}
  }
  
  void loop()
  {
    if (Serial.available() > 0)
    {
      int inByte = Serial.read();
      
      switch (inByte)
      {
        case 'f':  {   
                      Serial.println("Starting Stepper Motor 1 CW");
                      digitalWrite(ledPin, LOW);
  
                      delay(1);

                      pinMode(directionPin1, OUTPUT);
                      pinMode(stepPin1, OUTPUT);
                      pinMode(ledPin, OUTPUT);
                      
                      digitalWrite(directionPin1, HIGH);
                      for(int n = 0; n < numberOfSteps; n++) 
                      {
                        digitalWrite(stepPin1, HIGH);
                        delayMicroseconds(pulseWidthMicros);
                        digitalWrite(stepPin1, LOW);
    
                        delay(millisbetweenSteps);
    
                        digitalWrite(ledPin, !digitalRead(ledPin));
                      }
                     
                     delay(100);
                    }
                    break;
        
        case 'F':   {
                      Serial.println("Starting Stepper Motor 1 CCW");
                      digitalWrite(ledPin, LOW);
  
                      delay(1);

                      pinMode(directionPin1, OUTPUT);
                      pinMode(stepPin1, OUTPUT);
                      pinMode(ledPin, OUTPUT);
                      
                      digitalWrite(directionPin1, LOW);
                      for(int n = 0; n < numberOfSteps; n++) 
                      {
                        digitalWrite(stepPin1, HIGH);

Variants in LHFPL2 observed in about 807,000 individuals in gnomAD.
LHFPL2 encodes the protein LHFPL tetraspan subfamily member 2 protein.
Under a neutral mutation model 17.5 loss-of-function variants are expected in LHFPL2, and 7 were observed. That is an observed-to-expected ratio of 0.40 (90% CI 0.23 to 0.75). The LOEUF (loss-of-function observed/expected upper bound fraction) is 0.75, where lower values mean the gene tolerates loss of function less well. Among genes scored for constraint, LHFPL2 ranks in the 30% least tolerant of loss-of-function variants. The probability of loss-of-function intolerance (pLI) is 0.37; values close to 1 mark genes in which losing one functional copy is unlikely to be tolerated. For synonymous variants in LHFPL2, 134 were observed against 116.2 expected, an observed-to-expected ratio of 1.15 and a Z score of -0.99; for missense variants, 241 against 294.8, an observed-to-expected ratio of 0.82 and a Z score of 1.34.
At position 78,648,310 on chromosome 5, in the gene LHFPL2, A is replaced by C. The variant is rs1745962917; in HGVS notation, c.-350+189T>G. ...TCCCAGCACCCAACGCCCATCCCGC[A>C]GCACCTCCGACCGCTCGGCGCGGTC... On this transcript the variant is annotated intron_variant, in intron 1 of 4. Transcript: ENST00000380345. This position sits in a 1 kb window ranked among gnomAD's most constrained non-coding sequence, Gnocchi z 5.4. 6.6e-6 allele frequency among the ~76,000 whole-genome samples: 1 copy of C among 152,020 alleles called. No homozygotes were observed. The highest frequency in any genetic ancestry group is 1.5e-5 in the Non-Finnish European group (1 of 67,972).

delayMicroseconds(pulseWidthMicros);
                        digitalWrite(stepPin1, LOW);
    
                        delay(millisbetweenSteps);
    
                        digitalWrite(ledPin, !digitalRead(ledPin));
                      }
                     
                     delay(100);
                    }
                    break;
                    
        
                    
         default:   {
                    }
                    break;
      }
    }
  }

I try not to challenge solutions proposed by others, but the code in Reply #4 uses delay() and that is completely unsuitable if the Arduino is to be responsive to button messages coming from the PC.

There needs to be a function that causes the stepper to move according to th value in a variable. Something like this pseudo code

if (cmdVar == 'F' ) {
   direction = forward;
   moveOneStep());
}
else if (cmdVar == 'R') {
  direction = reverse;
  moveOneStep();
}

and there needs to be a separate function that recieves data from the PC and updates the contents of cmdVar. See Serial Input Basics

It would probably be easier from the user’s perspective to write a PC program to detect the key presses and send suitable messages to the Arduino.

You do NOT want to send a continuous stream of 'F’s when the F key is pressed. You just want to send a message when the key is first pressed and another message when the key is released.

…R